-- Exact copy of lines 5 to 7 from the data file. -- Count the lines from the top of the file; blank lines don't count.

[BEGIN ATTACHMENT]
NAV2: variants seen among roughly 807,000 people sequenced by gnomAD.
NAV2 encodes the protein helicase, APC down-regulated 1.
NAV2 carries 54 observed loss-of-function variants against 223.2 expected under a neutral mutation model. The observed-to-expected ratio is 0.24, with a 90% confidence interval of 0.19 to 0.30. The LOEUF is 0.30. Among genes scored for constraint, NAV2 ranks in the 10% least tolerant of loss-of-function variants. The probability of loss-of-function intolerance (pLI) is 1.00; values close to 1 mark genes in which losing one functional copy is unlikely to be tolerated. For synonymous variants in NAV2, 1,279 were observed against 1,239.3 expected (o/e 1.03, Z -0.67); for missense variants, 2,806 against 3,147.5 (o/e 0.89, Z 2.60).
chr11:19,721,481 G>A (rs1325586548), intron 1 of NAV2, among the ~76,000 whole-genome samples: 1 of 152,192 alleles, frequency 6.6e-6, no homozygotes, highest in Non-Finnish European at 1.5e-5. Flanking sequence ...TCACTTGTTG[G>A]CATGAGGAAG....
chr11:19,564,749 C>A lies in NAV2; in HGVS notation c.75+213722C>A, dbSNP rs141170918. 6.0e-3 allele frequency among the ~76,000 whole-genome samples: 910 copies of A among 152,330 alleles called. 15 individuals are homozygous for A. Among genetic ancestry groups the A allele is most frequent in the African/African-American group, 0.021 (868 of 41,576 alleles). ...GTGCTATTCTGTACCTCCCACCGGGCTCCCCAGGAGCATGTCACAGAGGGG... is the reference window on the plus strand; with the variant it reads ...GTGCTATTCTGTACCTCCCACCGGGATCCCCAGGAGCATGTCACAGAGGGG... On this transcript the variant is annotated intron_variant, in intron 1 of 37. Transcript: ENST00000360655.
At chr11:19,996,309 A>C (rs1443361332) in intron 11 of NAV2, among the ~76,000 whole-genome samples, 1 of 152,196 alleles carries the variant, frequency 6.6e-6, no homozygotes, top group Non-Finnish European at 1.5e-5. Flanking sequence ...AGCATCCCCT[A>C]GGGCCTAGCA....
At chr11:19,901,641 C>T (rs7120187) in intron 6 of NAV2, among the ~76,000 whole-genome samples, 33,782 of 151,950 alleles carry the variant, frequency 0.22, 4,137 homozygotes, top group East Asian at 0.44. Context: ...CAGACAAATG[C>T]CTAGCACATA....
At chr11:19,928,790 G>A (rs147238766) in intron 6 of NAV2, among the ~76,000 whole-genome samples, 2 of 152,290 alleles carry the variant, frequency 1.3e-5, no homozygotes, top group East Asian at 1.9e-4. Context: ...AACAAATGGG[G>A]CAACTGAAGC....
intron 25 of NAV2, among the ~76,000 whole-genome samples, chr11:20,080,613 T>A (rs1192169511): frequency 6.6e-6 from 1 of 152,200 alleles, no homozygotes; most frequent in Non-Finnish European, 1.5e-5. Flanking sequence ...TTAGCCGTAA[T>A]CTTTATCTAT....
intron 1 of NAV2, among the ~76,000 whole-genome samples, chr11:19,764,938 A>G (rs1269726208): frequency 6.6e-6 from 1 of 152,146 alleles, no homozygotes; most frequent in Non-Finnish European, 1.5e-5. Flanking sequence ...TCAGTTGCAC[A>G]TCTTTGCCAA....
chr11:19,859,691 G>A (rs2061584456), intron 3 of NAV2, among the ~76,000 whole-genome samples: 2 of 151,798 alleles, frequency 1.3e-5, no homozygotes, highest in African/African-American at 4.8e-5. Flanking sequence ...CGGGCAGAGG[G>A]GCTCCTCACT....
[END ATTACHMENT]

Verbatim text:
chr11:19,564,749 C>A lies in NAV2; in HGVS notation c.75+213722C>A, dbSNP rs141170918. 6.0e-3 allele frequency among the ~76,000 whole-genome samples: 910 copies of A among 152,330 alleles called. 15 individuals are homozygous for A. Among genetic ancestry groups the A allele is most frequent in the African/African-American group, 0.021 (868 of 41,576 alleles). ...GTGCTATTCTGTACCTCCCACCGGGCTCCCCAGGAGCATGTCACAGAGGGG... is the reference window on the plus strand; with the variant it reads ...GTGCTATTCTGTACCTCCCACCGGGATCCCCAGGAGCATGTCACAGAGGGG... On this transcript the variant is annotated intron_variant, in intron 1 of 37. Transcript: ENST00000360655.
At chr11:19,996,309 A>C (rs1443361332) in intron 11 of NAV2, among the ~76,000 whole-genome samples, 1 of 152,196 alleles carries the variant, frequency 6.6e-6, no homozygotes, top group Non-Finnish European at 1.5e-5. Flanking sequence ...AGCATCCCCT[A>C]GGGCCTAGCA....
At chr11:19,901,641 C>T (rs7120187) in intron 6 of NAV2, among the ~76,000 whole-genome samples, 33,782 of 151,950 alleles carry the variant, frequency 0.22, 4,137 homozygotes, top group East Asian at 0.44. Context: ...CAGACAAATG[C>T]CTAGCACATA....